We’re hearing a lot about LEED v4. As a painting contractor, what do I need to know?
By Rick Watson
Green building has evolved beyond an emphasis on the sustainable design and building construction to the environment it creates for inhabitants. This shift in priority is reflected by the sunset of LEED 09 and the development of LEED v4, which focuses on human health beyond previous LEED building certification systems.
Under LEED 09, paint and other building materials were addressed and evaluated according to volatile organic compounds (VOCs). To achieve LEED v4 accreditation for the same products, however, VOC emissions must also be taken into consideration.
Off-gassing as a byproduct of VOCs
When paint dries, VOCs can evaporate out into the atmosphere and produce what qualifies as VOC emissions.
When a product releases VOCs, it’s considered off-gassing. These present and expressed VOCs can have a major impact on the qualification of products for LEED v4, though it’s important to note that, in some cases, a local regulation may require a lower VOC level than LEED v4 requirements.
Under LEED v4, architectural paints and coatings can now help contribute points across three different credit categories, which focus on:
- Emissions (EQ Credit)
- Product disclosure and material ingredients (MR Credit)
- Integrated analysis of building materials (Pilot Credit)
Get help understanding the rules
One of your greatest resources for understanding the new regulations is your Sherwin-Williams team.
Not only can your local sales rep walk you through the appropriate coatings and documentation, but we have developed new website resources to help guide you through the requirements.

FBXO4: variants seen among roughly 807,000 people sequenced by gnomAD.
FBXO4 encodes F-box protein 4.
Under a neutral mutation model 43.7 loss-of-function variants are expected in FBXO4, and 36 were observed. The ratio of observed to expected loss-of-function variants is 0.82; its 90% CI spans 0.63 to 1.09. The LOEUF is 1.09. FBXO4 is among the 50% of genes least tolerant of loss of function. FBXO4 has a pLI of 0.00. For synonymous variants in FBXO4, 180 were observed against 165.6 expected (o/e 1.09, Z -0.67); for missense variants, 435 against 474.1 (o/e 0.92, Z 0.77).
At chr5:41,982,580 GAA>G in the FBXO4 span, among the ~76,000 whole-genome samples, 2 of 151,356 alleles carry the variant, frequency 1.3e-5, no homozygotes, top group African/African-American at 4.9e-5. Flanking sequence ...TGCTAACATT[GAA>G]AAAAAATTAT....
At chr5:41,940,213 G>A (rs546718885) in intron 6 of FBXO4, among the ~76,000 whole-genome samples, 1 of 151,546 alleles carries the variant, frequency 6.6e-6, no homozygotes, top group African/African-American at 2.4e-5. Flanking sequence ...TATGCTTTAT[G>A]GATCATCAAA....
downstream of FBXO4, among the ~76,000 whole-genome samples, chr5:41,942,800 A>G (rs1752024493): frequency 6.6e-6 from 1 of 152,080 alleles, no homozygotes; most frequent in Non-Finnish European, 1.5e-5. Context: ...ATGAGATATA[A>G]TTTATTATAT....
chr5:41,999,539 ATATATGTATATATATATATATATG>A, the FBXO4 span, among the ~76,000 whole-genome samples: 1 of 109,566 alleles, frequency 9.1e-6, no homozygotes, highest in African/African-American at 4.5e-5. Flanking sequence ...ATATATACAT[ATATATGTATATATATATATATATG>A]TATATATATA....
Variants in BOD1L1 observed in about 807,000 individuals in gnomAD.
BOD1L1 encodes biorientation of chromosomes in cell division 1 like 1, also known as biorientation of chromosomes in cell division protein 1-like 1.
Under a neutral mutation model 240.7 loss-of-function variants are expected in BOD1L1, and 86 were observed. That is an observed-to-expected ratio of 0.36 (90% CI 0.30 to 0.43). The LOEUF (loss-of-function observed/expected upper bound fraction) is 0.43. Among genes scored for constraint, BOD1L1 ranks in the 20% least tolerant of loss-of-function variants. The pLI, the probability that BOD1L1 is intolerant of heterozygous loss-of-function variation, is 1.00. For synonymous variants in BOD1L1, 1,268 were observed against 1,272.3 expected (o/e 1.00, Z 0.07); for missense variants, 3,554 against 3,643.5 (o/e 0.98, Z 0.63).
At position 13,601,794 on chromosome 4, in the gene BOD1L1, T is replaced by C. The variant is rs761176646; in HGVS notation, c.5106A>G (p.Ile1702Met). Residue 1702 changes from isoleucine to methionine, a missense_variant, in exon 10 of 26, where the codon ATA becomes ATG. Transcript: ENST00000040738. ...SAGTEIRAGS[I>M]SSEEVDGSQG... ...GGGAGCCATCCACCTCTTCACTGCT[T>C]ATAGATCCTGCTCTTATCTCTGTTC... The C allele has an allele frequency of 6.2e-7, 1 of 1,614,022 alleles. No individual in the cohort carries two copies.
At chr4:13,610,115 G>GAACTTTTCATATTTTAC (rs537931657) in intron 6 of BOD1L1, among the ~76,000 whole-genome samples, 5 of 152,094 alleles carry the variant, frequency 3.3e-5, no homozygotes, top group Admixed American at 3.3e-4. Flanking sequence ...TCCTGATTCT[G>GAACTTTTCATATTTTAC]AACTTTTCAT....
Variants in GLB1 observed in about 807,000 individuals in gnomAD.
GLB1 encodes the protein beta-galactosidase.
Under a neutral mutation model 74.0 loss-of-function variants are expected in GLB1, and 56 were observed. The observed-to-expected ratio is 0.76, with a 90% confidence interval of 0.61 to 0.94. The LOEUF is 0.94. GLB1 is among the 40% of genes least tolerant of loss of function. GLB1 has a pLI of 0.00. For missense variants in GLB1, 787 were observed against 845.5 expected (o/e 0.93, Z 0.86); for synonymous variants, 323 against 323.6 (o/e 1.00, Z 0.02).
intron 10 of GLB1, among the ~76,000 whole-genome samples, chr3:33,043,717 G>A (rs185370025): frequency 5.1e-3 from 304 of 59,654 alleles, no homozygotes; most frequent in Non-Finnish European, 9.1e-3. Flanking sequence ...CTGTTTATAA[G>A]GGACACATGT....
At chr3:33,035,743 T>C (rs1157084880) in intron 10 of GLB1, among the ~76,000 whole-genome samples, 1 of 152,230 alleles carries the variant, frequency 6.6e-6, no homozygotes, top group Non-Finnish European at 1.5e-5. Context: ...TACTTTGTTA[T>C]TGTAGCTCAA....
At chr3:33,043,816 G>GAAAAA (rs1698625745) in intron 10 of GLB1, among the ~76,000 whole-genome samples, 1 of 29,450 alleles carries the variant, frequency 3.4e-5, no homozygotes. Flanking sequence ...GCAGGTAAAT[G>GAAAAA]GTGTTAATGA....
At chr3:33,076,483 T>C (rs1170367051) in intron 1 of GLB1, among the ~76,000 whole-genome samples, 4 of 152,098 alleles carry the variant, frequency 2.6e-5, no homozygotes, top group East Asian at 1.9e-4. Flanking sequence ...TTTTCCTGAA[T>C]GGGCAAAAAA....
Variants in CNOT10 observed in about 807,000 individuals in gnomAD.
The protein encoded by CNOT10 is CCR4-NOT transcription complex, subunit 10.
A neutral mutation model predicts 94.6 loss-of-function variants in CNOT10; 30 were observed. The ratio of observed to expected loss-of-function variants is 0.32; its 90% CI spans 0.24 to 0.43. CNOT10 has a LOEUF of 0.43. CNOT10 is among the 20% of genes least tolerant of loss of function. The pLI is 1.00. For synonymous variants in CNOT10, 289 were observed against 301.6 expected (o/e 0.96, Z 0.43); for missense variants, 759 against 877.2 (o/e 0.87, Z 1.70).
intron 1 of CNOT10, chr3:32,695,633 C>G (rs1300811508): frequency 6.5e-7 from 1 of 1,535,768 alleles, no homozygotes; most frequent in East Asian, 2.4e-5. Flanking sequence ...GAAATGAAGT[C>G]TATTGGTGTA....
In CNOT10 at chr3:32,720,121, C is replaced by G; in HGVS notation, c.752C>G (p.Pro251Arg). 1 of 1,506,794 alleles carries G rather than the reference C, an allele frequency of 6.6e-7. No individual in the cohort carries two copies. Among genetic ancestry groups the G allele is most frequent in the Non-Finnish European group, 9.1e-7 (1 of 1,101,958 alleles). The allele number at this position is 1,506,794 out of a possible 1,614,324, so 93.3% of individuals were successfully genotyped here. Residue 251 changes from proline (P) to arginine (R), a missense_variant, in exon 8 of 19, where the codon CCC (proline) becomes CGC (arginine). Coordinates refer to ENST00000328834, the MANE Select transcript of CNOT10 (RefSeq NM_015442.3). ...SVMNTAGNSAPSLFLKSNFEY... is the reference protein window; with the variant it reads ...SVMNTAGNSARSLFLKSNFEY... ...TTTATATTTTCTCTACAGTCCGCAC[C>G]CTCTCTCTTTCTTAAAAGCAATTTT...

Download our Green Programs and VOC Coatings Reference Guide at swgreenspecs.com.
Certified paint products meeting UL green guidelines
Sherwin-Williams is the first paint manufacturer to be certified in Underwriters Laboratories’ new Product Lens program designed to help specifiers meet green guidelines and satisfy Materials Ingredients disclosure credits outlined by LEED v4. ProMar® 200 Zero VOC Interior Latex Paint was the first product certified by the program.
You can download a list of products that have been independently third-party certified by UL and contribute toward satisfying specific EQ credits and LEED v4 requirements at swgreenspecs.com.
Also identified are products that satisfy standards set by the many regulatory bodies like California Air Resources Board (CARB).
If you want to take a deeper dive into the new regulations, see my story LEED v4’s Impact on Paint & Coatings.
This article was originally published in the Fall 2017 issue of PPC magazine. Rick Watson, Product Information, Sherwin-Williams, answers contractor questions in the Ask Your ProPartner™ column of PPC magazine. Read more of his answers here.
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